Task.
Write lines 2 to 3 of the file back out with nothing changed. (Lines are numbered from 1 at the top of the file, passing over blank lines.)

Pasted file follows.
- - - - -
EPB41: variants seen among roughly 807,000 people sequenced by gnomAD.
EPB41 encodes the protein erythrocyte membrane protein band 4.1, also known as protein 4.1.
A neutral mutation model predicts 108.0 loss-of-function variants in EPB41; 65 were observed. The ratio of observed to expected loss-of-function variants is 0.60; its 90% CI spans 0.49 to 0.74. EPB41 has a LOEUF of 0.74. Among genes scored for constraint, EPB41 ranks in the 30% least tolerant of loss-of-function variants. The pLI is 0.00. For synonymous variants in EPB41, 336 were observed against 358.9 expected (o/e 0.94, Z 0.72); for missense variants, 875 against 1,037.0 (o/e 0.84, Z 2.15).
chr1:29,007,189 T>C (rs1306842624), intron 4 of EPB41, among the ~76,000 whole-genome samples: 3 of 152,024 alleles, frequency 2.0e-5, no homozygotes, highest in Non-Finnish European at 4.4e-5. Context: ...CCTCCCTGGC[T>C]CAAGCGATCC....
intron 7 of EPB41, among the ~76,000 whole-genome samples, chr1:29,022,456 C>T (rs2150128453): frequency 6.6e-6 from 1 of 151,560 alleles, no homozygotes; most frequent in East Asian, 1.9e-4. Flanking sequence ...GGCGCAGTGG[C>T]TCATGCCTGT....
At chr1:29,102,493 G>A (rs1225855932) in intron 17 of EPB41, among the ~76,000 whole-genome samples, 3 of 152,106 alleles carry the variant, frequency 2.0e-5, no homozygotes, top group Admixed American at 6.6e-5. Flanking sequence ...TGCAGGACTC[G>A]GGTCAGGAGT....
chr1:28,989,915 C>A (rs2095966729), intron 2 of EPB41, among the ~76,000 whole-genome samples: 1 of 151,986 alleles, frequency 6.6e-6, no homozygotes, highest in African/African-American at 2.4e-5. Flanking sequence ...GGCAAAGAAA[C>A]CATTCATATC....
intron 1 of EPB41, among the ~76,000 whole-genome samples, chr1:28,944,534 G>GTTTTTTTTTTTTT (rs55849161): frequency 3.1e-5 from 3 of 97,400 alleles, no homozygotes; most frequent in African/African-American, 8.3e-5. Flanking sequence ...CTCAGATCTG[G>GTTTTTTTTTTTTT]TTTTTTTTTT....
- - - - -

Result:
EPB41 encodes the protein erythrocyte membrane protein band 4.1, also known as protein 4.1.
A neutral mutation model predicts 108.0 loss-of-function variants in EPB41; 65 were observed. The ratio of observed to expected loss-of-function variants is 0.60; its 90% CI spans 0.49 to 0.74. EPB41 has a LOEUF of 0.74. Among genes scored for constraint, EPB41 ranks in the 30% least tolerant of loss-of-function variants. The pLI is 0.00. For synonymous variants in EPB41, 336 were observed against 358.9 expected (o/e 0.94, Z 0.72); for missense variants, 875 against 1,037.0 (o/e 0.84, Z 2.15).